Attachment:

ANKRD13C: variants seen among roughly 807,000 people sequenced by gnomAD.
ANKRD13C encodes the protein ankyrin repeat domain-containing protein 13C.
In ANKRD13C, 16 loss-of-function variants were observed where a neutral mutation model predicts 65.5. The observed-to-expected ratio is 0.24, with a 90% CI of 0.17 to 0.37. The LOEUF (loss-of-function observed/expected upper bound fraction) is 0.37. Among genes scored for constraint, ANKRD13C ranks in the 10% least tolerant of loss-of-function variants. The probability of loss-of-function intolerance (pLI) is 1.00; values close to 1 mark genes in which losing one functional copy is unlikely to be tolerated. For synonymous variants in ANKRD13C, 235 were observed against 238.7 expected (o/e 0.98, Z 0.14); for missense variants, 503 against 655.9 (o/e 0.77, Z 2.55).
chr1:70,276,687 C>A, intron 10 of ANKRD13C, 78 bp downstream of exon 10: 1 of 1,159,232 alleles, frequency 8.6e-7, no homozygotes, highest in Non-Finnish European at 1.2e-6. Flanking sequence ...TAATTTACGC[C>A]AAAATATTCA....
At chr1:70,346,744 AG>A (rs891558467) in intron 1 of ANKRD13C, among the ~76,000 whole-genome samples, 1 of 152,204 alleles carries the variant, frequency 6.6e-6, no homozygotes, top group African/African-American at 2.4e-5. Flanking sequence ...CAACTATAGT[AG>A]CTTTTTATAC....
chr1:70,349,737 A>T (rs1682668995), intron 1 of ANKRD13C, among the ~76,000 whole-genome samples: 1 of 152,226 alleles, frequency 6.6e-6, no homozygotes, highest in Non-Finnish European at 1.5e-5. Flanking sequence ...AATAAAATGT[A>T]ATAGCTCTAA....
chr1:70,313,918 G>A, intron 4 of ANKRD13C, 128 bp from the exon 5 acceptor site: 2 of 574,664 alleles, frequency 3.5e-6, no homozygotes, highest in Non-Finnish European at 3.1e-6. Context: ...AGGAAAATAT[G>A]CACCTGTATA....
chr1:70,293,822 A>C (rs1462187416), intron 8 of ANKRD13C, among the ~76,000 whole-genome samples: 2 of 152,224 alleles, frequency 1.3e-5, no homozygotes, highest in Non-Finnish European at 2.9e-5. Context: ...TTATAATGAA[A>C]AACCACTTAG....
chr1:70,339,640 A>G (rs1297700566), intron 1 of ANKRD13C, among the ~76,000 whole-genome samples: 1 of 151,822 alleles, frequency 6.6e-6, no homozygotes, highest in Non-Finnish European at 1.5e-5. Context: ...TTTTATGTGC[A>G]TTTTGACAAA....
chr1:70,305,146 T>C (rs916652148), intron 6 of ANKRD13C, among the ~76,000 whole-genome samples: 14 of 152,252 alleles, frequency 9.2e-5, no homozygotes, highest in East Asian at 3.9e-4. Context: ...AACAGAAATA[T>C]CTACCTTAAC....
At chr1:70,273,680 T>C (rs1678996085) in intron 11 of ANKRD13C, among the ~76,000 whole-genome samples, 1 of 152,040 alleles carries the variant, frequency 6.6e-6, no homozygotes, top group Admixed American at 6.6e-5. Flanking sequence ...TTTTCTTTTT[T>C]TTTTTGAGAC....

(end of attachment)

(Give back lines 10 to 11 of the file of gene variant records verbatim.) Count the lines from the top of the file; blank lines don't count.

chr1:70,305,146 T>C (rs916652148), intron 6 of ANKRD13C, among the ~76,000 whole-genome samples: 14 of 152,252 alleles, frequency 9.2e-5, no homozygotes, highest in East Asian at 3.9e-4. Context: ...AACAGAAATA[T>C]CTACCTTAAC....
At chr1:70,273,680 T>C (rs1678996085) in intron 11 of ANKRD13C, among the ~76,000 whole-genome samples, 1 of 152,040 alleles carries the variant, frequency 6.6e-6, no homozygotes, top group Admixed American at 6.6e-5. Flanking sequence ...TTTTCTTTTT[T>C]TTTTTGAGAC....